We have witnessed a digital revolution that affects the dynamics of existing traditional social, economic, political and legal systems. This revolution has transformed espionage and its features, such as its purpose and targets, methods and means, and actors and incidents, which paves the way for the emergence of the term cyberespionage. This book seeks to address domestic and international legal tools appropriate to adopt in cases of cyberespionage incidents. Cyberespionage operations of state or non-state actors are a kind of cyber attack, which violates certain principles of international law but also constitute wrongful acquisition and misappropriation of the data. Therefore, from the use of force to state responsibility, international law offers a wide array of solutions; likewise, domestic regulations through either specialized laws or general principles stipulate civil and criminal remedies against cyberespionage.
Confronting Cyberespionage Under International Law examines how espionage and its applications have transformed since World War II and how domestic and international legal mechanisms can provide effective legal solutions to this change, hindering the economic development and well-being of individuals, companies and states to the detriment of others. It shows the latest state of knowledge on the topic and will be of interest to researchers, academics, legal practitioners, legal advisors and students in the fields of international law, information technology law and intellectual property law.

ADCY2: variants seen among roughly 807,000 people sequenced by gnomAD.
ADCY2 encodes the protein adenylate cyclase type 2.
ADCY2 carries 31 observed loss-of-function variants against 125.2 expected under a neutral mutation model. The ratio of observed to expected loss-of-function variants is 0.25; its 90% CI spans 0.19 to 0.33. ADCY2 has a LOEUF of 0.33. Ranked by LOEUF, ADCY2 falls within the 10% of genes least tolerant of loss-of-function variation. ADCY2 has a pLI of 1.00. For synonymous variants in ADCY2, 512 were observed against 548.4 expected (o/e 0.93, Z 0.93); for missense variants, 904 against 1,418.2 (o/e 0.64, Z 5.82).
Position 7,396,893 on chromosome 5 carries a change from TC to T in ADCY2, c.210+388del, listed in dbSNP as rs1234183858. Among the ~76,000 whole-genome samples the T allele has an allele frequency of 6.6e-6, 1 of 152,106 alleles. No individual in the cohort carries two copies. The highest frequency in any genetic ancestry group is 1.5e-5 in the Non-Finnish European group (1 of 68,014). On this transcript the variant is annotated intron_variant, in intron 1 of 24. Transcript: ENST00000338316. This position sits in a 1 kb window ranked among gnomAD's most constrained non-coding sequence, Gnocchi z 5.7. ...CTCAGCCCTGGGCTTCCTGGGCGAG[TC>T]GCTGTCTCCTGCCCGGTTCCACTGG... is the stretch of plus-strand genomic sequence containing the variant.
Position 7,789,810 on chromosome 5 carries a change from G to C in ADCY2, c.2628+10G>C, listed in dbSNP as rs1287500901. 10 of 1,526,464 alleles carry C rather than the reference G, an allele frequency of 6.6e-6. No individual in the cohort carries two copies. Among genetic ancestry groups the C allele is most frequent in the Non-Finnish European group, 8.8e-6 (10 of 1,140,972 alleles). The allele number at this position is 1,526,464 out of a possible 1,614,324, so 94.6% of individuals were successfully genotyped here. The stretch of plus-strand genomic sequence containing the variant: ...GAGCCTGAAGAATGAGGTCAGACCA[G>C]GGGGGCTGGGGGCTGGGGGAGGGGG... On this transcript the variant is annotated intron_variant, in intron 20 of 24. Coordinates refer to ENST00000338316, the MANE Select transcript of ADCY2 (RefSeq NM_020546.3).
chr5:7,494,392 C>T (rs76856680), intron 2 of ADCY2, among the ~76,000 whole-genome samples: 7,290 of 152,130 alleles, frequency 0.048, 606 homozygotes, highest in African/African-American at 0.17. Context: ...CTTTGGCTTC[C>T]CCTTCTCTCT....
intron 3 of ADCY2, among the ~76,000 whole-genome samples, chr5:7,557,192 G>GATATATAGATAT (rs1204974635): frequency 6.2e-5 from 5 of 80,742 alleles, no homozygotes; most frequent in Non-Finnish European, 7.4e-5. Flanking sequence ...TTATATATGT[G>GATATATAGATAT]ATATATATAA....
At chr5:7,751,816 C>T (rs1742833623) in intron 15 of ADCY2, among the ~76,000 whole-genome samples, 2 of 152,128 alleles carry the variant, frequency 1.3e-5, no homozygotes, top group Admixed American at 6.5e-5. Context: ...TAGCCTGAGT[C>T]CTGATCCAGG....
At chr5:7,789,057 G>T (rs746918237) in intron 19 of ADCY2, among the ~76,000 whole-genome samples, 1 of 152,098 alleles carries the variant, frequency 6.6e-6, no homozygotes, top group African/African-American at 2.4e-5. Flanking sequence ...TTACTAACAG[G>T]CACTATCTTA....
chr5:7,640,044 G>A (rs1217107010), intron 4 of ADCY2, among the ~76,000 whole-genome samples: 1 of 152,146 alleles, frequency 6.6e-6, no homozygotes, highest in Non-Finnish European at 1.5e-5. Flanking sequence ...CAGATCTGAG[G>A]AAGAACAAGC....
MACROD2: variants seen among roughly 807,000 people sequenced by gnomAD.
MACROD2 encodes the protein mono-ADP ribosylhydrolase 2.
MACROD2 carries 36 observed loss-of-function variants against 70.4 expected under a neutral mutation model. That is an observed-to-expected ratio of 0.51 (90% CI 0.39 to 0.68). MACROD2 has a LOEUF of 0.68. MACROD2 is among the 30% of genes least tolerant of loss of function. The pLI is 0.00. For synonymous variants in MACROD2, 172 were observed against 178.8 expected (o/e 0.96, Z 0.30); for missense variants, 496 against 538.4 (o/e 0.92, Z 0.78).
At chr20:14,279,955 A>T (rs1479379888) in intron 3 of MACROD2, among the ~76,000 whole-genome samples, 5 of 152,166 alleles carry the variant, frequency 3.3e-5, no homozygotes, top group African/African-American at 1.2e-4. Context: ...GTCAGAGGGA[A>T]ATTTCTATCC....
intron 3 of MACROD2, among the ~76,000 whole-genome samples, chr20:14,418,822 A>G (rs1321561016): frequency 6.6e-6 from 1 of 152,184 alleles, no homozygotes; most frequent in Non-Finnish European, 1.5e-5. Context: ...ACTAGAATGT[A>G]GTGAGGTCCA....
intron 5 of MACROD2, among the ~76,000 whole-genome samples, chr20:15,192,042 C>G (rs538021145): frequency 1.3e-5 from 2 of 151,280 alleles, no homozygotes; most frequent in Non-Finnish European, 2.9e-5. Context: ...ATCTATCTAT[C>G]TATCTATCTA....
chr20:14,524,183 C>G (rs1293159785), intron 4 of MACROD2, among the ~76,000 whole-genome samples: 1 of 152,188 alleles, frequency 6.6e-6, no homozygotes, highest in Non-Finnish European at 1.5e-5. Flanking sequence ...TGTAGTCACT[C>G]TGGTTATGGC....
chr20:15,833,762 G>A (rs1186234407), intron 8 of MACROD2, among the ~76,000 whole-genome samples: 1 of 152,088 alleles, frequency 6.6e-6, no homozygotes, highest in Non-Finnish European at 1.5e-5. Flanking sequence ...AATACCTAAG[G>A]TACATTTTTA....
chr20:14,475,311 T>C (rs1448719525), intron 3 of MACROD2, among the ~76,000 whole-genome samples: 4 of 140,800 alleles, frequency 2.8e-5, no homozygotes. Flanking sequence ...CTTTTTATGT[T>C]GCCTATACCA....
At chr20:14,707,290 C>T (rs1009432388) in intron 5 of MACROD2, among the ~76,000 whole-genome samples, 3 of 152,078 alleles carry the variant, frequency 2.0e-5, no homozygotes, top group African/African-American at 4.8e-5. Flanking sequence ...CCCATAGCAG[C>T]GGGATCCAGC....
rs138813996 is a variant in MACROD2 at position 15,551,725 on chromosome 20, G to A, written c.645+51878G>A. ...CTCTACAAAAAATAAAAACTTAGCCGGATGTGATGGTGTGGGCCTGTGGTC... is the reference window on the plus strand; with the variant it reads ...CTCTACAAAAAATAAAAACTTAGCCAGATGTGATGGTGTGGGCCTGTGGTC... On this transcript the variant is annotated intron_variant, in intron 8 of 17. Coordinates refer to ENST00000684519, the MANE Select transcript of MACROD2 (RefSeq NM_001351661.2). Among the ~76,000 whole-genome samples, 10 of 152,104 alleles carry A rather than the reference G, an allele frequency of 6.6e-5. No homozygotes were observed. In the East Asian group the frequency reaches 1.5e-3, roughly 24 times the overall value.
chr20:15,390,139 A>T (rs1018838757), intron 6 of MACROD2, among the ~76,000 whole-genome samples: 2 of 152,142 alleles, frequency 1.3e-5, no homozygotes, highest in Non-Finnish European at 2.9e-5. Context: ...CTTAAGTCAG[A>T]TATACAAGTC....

Introduction 1. Cyberspace, Espionage and Cyberespionage 2. Legal Responses to Economic and Industrial Espionage
Oguz Kaan Pehlivan, received his B.A. from Bilkent University, Department of Law. He pursued his studies as an exchange student in Katholieke Leuven University, Belgium in 2010-2011. While pursuing his LL.M studies at the unique francophone Galatasaray University in Turkey, he has worked as a lawyer and legal advisor focusing on international law and security in a think-tank environment. In 2014, he was granted a UK Government Chevening Scholarship to pursue his studies at Queen Mary University of London. He is focusing on information technology law, cyber security and applicable international law to cyberspace.